This chapter explains the view of the later Wittgenstein, in particular his rule-following considerations and their implications for education. Many people suppose that grasping a rule amounts to getting at the right interpretation of the rule. Through the rule-following paradox, this conception is shown to be deeply misconceived. We are led back to a plain view of practices in which rules are embedded, a view that the criteria which determine the right or wrong of the use of a rule lie in the application, not in some mental entity. Meaning or the extension of a rule is settled on “agreement in form of life”, according to Wittgenstein. But this notion can only be appreciated when we note its dynamic nature and the role the rule-follower plays as an agent. Copyright © 2008 Cengage Learning.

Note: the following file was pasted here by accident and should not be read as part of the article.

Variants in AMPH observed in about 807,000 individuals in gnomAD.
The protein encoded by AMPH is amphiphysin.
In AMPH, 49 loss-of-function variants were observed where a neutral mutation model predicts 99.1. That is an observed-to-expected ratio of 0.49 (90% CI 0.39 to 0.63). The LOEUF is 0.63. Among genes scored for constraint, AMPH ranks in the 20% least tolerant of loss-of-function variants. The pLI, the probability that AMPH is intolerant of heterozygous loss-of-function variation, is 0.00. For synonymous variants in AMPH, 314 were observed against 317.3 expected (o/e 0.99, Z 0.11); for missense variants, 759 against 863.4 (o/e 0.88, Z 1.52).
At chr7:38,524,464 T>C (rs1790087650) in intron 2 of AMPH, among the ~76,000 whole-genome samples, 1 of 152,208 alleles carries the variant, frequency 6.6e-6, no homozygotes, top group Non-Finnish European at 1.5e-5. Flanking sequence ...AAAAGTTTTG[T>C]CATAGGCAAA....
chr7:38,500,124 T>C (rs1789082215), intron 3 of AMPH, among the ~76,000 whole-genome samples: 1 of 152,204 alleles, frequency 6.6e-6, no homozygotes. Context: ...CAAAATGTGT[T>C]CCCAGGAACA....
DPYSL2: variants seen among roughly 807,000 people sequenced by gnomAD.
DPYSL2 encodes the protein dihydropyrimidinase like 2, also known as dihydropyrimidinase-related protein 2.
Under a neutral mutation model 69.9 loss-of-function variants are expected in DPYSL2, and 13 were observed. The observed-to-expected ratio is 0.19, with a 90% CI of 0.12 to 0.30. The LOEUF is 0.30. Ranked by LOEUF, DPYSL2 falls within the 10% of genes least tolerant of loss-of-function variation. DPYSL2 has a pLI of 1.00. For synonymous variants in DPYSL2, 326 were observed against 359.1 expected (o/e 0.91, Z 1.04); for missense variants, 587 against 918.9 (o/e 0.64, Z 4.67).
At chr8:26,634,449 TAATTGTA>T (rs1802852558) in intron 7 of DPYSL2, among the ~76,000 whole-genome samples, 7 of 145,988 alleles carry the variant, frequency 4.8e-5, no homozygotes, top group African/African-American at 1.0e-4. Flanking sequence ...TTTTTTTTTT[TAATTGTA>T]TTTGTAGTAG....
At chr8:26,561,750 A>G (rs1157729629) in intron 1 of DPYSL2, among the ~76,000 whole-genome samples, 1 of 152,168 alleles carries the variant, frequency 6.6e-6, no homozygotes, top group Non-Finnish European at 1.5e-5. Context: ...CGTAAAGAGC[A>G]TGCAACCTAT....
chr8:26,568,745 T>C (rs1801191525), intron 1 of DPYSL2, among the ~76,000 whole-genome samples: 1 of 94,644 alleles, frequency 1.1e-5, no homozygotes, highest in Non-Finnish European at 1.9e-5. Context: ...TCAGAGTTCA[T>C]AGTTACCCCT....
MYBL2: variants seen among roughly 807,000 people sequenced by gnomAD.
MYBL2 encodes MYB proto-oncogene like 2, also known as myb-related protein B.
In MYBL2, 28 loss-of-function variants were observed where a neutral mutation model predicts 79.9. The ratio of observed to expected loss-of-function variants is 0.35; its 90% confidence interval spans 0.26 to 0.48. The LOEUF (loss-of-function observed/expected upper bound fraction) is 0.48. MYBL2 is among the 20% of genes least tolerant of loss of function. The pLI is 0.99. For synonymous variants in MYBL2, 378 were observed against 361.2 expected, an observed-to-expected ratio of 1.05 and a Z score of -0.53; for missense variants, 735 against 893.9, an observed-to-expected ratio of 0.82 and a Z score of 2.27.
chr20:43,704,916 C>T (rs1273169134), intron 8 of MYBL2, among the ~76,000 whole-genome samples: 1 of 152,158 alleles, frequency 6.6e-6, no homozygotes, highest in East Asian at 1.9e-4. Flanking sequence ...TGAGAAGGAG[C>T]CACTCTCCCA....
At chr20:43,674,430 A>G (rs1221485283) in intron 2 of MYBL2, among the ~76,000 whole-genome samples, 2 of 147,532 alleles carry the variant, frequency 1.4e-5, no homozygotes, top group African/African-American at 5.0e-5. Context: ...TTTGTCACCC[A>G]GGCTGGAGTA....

|Title of host publication||Philosophical Reflections for Educators|
|Place of Publication||Singapore|
|Publication status||Published - 2008|
Forms of Life
CitationHuen, K. (2008). Wittgenstein: Rule-following paradox, forms of life and education. In C. Tan (Ed.), Philosophical Reflections for Educators (pp. 51-62). Singapore: Cengage Learning.
- Early Childhood Education
- Development of Disciplinary Knowledge (e.g. Sociology, Psychology)